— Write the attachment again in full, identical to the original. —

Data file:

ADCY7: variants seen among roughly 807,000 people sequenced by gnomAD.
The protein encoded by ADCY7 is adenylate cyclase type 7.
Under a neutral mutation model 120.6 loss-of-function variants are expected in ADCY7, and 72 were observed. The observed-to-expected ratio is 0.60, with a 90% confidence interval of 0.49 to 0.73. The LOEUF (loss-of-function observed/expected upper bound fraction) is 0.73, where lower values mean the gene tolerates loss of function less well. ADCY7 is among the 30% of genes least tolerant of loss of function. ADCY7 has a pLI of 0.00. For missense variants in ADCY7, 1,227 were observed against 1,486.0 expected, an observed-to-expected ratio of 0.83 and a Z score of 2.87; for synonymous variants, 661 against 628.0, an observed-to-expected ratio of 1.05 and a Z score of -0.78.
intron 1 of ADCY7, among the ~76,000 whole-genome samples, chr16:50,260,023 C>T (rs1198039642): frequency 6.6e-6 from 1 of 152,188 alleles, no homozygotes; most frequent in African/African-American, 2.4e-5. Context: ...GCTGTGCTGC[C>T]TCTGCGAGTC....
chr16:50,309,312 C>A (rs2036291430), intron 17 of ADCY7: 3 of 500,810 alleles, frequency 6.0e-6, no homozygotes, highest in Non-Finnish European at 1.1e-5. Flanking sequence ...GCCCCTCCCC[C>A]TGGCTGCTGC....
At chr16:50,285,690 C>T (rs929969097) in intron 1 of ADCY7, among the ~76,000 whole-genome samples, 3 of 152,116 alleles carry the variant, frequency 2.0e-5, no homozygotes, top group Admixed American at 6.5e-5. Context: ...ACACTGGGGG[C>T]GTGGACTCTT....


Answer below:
ADCY7: variants seen among roughly 807,000 people sequenced by gnomAD.
The protein encoded by ADCY7 is adenylate cyclase type 7.
Under a neutral mutation model 120.6 loss-of-function variants are expected in ADCY7, and 72 were observed. The observed-to-expected ratio is 0.60, with a 90% confidence interval of 0.49 to 0.73. The LOEUF (loss-of-function observed/expected upper bound fraction) is 0.73, where lower values mean the gene tolerates loss of function less well. ADCY7 is among the 30% of genes least tolerant of loss of function. ADCY7 has a pLI of 0.00. For missense variants in ADCY7, 1,227 were observed against 1,486.0 expected, an observed-to-expected ratio of 0.83 and a Z score of 2.87; for synonymous variants, 661 against 628.0, an observed-to-expected ratio of 1.05 and a Z score of -0.78.
intron 1 of ADCY7, among the ~76,000 whole-genome samples, chr16:50,260,023 C>T (rs1198039642): frequency 6.6e-6 from 1 of 152,188 alleles, no homozygotes; most frequent in African/African-American, 2.4e-5. Context: ...GCTGTGCTGC[C>T]TCTGCGAGTC....
chr16:50,309,312 C>A (rs2036291430), intron 17 of ADCY7: 3 of 500,810 alleles, frequency 6.0e-6, no homozygotes, highest in Non-Finnish European at 1.1e-5. Flanking sequence ...GCCCCTCCCC[C>A]TGGCTGCTGC....
At chr16:50,285,690 C>T (rs929969097) in intron 1 of ADCY7, among the ~76,000 whole-genome samples, 3 of 152,116 alleles carry the variant, frequency 2.0e-5, no homozygotes, top group Admixed American at 6.5e-5. Context: ...ACACTGGGGG[C>T]GTGGACTCTT....